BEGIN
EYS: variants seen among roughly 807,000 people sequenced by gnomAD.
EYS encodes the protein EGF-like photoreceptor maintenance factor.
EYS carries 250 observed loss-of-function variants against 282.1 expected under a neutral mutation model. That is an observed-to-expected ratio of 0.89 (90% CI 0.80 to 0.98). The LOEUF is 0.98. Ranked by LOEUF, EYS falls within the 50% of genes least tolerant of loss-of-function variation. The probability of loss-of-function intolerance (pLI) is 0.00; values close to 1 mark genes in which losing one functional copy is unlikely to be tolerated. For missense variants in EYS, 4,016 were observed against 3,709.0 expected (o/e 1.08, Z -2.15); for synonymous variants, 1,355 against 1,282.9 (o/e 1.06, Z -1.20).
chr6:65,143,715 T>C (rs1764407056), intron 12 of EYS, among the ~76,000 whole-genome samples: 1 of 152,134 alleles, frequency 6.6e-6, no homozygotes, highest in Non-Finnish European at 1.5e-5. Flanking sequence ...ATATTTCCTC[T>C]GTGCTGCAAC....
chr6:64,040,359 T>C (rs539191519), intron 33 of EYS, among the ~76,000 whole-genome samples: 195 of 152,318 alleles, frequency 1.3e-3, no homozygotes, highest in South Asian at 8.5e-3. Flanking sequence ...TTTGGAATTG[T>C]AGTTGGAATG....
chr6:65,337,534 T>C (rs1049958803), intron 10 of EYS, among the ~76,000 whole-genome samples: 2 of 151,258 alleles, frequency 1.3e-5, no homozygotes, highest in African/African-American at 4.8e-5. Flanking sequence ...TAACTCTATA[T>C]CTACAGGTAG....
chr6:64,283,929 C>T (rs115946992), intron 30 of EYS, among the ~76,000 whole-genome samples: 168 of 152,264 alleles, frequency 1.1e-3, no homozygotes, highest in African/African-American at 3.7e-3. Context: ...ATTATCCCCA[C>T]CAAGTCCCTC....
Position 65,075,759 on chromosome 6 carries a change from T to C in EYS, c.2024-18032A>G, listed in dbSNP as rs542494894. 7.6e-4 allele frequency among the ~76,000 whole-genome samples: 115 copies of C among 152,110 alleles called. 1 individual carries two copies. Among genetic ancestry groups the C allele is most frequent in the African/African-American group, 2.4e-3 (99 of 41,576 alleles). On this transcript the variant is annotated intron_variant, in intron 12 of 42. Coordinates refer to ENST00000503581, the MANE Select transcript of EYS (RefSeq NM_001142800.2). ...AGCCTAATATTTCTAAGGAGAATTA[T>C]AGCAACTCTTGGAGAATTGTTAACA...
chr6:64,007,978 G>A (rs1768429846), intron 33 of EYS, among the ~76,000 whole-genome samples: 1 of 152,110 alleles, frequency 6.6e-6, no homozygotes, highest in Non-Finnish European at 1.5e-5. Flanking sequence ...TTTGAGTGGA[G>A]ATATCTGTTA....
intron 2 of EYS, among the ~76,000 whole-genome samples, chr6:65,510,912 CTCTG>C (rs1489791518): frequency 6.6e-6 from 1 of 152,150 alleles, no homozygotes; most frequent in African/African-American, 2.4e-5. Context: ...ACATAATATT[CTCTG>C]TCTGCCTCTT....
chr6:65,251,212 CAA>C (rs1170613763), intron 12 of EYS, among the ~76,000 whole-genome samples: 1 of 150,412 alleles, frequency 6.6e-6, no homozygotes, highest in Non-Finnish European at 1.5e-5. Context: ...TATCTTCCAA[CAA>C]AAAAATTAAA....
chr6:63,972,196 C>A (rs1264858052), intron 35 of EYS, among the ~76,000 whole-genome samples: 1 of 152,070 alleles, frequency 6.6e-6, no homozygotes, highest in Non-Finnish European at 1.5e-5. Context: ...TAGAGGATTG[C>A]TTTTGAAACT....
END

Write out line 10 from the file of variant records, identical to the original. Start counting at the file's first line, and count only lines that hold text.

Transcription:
intron 2 of EYS, among the ~76,000 whole-genome samples, chr6:65,510,912 CTCTG>C (rs1489791518): frequency 6.6e-6 from 1 of 152,150 alleles, no homozygotes; most frequent in African/African-American, 2.4e-5. Context: ...ACATAATATT[CTCTG>C]TCTGCCTCTT....